Mon, Oct 5, 2009
I have a bit of a problem with “cross platform” development at the moment. I’m running Windows XP inside an ActiveDirectory forest using VMware Fusion from OSX. A nasty experience a while ago means writing code on a virtual machine’s hard disk is insanity itself. If something happens to the slice you lose everything. OK, you won’t if it’s in source control but using subversion or git from Windows is a pain. Also, why duplicate backup/vss options on a slice when I’m already using everything just fine from OSX? So instead, I develop via a shared folder. I write all the C# code via VisualStudio which points to the “network” share.
This was all fine and dandy until I started to get into NUnit. Whereas in Java/Maven/Ant you run the tests from either the commandline or the IDE for debugging, in NUnit, you load the project itself from a standalone application and it picks up the test cases and runs them. Sounds OK so far. To debug, it’s a simple case of attaching to the NUnit process from VisualStudio. The problem comes when NUnit tries to inspect the DLL for test cases. It can’t if the DLL is on a network share, i.e. my OSX shared folder.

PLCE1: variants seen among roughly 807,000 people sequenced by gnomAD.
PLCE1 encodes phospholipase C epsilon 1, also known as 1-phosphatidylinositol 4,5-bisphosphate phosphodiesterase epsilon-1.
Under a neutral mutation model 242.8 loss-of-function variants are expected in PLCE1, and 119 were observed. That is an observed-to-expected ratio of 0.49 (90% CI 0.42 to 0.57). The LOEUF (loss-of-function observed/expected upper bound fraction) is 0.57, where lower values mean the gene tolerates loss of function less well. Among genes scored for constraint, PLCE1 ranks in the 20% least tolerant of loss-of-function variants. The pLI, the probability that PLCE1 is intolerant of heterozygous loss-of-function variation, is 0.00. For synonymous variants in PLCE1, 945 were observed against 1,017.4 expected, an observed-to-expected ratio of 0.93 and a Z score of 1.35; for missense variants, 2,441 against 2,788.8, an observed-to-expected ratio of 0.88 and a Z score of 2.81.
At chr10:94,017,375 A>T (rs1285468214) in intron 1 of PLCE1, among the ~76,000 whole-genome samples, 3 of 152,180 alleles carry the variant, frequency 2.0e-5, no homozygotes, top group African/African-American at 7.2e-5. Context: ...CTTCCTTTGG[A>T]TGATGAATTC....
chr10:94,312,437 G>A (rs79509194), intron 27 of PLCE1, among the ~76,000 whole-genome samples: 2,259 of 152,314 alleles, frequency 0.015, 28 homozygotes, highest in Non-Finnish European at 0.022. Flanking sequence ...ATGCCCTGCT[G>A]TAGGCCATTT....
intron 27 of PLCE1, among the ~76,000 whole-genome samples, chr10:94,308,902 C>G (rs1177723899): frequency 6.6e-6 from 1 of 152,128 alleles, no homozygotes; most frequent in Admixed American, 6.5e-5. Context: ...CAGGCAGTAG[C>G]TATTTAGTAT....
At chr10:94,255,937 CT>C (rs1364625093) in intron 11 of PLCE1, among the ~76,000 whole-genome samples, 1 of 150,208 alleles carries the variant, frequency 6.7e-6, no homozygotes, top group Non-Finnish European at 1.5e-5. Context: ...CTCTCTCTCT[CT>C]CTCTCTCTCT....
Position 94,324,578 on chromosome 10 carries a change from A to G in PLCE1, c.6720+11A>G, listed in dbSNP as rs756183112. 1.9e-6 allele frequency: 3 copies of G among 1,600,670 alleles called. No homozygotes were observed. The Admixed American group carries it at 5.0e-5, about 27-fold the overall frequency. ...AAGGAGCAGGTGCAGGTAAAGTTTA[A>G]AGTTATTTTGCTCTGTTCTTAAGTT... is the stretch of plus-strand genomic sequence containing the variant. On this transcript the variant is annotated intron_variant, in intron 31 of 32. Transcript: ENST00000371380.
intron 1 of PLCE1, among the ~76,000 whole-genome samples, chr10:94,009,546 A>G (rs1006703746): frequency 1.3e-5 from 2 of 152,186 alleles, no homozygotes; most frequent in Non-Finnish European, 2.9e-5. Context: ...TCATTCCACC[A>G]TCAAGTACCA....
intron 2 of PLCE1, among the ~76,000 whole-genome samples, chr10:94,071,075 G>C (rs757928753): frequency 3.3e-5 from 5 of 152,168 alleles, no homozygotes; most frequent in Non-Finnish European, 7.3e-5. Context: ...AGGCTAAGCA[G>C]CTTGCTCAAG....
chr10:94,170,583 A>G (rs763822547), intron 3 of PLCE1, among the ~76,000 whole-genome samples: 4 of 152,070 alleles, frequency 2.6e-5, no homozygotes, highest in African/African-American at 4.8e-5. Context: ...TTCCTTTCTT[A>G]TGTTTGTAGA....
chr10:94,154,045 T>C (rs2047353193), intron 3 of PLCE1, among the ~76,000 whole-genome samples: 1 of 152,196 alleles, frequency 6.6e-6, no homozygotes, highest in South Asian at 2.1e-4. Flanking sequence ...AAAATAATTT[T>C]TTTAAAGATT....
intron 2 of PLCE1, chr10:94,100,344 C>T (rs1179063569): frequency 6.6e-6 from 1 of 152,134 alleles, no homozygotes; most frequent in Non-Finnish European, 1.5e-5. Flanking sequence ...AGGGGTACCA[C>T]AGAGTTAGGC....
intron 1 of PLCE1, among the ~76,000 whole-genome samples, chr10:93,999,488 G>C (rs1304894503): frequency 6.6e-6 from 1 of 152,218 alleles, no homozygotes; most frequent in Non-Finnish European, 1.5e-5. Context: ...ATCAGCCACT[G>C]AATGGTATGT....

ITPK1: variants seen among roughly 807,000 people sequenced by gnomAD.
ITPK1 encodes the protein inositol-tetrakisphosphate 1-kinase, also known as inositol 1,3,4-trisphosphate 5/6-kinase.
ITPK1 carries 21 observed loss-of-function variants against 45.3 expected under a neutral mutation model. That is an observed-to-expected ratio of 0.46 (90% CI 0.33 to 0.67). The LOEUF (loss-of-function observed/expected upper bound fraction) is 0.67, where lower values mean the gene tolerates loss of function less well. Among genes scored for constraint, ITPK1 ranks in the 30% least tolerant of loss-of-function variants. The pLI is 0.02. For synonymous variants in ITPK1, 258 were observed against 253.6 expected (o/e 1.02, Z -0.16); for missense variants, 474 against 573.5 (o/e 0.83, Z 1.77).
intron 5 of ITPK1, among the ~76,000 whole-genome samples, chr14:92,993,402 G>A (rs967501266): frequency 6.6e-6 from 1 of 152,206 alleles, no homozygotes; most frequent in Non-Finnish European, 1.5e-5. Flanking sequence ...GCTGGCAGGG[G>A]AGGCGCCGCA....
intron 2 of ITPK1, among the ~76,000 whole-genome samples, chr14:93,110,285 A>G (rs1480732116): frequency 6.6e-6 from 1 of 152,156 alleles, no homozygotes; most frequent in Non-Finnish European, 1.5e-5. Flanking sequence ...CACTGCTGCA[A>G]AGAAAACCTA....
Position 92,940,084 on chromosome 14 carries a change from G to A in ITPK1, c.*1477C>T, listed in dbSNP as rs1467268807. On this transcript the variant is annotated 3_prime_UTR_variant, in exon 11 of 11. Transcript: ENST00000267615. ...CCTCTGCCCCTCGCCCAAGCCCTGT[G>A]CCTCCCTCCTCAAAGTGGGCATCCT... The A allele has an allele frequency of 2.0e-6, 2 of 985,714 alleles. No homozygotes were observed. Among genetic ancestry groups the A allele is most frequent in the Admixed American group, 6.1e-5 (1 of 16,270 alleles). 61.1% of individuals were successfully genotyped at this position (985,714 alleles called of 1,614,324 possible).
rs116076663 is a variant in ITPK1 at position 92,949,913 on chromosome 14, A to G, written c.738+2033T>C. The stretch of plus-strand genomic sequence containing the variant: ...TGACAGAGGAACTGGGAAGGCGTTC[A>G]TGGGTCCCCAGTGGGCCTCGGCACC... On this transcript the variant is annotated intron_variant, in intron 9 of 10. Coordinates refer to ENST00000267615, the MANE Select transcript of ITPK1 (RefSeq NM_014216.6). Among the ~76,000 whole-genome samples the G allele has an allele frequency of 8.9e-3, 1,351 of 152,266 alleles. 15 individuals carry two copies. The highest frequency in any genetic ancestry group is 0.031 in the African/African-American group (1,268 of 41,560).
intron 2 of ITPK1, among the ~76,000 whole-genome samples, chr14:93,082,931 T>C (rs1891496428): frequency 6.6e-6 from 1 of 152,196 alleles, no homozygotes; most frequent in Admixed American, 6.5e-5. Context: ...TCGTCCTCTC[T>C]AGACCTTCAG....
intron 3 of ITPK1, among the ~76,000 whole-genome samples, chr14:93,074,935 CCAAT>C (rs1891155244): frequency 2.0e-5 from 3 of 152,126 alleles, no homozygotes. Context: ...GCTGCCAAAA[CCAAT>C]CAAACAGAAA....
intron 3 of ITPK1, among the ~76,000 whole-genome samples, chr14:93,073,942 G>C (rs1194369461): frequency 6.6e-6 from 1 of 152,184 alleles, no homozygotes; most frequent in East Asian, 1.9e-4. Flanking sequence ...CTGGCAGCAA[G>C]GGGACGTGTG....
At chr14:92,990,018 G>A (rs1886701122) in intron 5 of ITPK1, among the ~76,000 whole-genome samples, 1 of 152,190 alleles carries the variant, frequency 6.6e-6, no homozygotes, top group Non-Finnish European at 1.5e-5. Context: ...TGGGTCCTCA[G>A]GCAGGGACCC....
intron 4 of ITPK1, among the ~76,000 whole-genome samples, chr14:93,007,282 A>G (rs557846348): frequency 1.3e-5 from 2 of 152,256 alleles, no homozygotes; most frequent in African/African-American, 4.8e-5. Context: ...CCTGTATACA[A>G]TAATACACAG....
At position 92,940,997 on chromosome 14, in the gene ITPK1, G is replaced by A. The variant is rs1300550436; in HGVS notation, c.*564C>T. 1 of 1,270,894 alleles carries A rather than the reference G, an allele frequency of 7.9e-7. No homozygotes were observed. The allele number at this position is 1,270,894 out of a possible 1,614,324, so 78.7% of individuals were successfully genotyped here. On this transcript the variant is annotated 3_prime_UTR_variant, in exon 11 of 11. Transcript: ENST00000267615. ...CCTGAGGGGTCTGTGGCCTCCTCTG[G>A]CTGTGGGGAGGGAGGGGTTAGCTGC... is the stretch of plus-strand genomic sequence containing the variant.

You can jump through all sorts of hoops to get round that, adding the shared path to the local trusted intranet zone and telling .NET to trust that zone but Fusion mounts the shared folder under \.host\Shared folders and the security settings in XP refuse to recognise it as a valid path due to the “.” in .host! So I added “osx” to C:\Windows\System32\drivers\etc\hosts to mimic the path but without a “.” but XP then forces me to authenticate to the shared path without success. Fusion is obviously doing stuff behind the scenes which I have neither the time nor inclination to duplicate.
So the simplest workaround is to copy the bin\Debug directory to the local filesystem and load the DLL from there. That works fine and attaching to the NUnit process in VisualStudio lets me debug it.